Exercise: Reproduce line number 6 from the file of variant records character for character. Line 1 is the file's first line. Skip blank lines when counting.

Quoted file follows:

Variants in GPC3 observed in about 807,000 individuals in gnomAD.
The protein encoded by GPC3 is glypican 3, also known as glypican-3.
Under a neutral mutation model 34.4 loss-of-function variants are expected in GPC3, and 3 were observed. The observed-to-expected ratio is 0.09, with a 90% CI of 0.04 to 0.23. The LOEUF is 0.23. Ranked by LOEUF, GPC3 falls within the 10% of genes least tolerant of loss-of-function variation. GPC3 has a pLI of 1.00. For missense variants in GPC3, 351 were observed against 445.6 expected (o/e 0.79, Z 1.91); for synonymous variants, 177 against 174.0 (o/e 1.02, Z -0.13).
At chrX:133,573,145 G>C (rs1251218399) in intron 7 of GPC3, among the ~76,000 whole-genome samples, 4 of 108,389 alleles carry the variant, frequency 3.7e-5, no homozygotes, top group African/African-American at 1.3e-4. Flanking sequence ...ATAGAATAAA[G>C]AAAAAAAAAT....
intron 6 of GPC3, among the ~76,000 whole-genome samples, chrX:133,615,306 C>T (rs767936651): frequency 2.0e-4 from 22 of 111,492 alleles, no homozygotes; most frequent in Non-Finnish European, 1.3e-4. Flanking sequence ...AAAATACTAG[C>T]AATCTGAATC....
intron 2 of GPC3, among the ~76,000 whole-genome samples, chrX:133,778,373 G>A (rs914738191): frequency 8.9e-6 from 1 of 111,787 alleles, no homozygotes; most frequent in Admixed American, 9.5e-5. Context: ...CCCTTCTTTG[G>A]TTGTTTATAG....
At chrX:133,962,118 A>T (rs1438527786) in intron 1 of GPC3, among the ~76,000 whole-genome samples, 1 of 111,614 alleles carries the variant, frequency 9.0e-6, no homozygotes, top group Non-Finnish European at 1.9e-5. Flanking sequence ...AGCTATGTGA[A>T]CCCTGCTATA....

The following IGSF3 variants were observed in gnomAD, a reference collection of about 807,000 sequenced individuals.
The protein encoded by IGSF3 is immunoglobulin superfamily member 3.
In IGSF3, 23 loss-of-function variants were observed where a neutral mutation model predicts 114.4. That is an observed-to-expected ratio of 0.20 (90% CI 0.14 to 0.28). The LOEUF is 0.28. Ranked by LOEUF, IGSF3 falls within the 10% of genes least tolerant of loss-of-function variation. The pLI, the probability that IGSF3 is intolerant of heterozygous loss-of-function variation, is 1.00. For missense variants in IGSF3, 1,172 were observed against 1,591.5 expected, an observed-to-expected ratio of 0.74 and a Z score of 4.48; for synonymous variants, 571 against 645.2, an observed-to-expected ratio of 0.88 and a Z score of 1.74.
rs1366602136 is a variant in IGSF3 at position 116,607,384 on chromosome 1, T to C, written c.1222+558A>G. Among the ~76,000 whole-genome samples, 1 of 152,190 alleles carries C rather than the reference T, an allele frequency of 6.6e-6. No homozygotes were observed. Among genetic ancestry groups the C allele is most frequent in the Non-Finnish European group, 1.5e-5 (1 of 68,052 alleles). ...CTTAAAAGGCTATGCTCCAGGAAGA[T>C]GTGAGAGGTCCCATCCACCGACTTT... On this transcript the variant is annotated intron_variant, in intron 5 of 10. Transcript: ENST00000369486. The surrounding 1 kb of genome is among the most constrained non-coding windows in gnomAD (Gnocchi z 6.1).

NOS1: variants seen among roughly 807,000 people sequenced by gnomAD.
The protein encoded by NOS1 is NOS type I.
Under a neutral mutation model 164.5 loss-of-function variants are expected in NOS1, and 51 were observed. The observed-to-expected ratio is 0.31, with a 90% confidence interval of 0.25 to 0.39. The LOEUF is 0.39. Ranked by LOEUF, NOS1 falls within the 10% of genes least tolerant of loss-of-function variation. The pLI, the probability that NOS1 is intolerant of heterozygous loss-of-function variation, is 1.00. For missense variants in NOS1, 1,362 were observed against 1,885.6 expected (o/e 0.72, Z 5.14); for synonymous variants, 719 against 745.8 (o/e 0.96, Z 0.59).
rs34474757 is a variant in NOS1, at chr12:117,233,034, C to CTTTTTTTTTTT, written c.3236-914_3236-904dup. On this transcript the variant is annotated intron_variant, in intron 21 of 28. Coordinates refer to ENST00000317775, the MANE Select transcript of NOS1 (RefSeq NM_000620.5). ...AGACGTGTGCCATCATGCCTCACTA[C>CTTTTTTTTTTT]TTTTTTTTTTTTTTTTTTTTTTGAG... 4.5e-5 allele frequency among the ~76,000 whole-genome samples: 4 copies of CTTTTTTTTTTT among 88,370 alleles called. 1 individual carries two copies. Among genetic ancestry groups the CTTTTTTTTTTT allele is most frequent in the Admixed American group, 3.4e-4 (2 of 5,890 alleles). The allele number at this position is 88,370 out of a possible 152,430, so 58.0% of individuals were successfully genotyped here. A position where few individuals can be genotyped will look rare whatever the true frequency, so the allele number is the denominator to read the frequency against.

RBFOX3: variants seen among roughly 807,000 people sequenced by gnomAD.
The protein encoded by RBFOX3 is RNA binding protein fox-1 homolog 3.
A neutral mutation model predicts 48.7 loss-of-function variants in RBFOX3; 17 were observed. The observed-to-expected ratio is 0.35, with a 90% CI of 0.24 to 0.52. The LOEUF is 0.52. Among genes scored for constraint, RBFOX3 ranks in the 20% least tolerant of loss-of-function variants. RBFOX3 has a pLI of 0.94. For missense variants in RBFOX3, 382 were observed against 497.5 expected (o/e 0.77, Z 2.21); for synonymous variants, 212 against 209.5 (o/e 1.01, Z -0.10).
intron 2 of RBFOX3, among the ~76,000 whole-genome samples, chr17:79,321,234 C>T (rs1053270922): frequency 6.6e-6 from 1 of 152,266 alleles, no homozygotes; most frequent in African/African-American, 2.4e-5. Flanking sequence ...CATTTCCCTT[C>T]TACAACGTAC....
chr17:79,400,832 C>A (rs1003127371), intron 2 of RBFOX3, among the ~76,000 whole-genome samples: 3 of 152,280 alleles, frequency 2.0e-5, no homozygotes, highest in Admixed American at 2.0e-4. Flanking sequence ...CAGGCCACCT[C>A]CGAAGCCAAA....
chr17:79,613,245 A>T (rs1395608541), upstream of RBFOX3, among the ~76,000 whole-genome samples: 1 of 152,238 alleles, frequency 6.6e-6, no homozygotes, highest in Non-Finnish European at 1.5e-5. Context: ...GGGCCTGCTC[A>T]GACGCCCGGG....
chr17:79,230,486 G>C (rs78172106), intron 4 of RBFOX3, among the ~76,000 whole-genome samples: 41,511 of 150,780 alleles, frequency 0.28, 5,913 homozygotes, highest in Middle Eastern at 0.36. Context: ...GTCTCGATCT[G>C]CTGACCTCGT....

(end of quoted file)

intron 2 of GPC3, among the ~76,000 whole-genome samples, chrX:133,778,373 G>A (rs914738191): frequency 8.9e-6 from 1 of 111,787 alleles, no homozygotes; most frequent in Admixed American, 9.5e-5. Context: ...CCCTTCTTTG[G>A]TTGTTTATAG....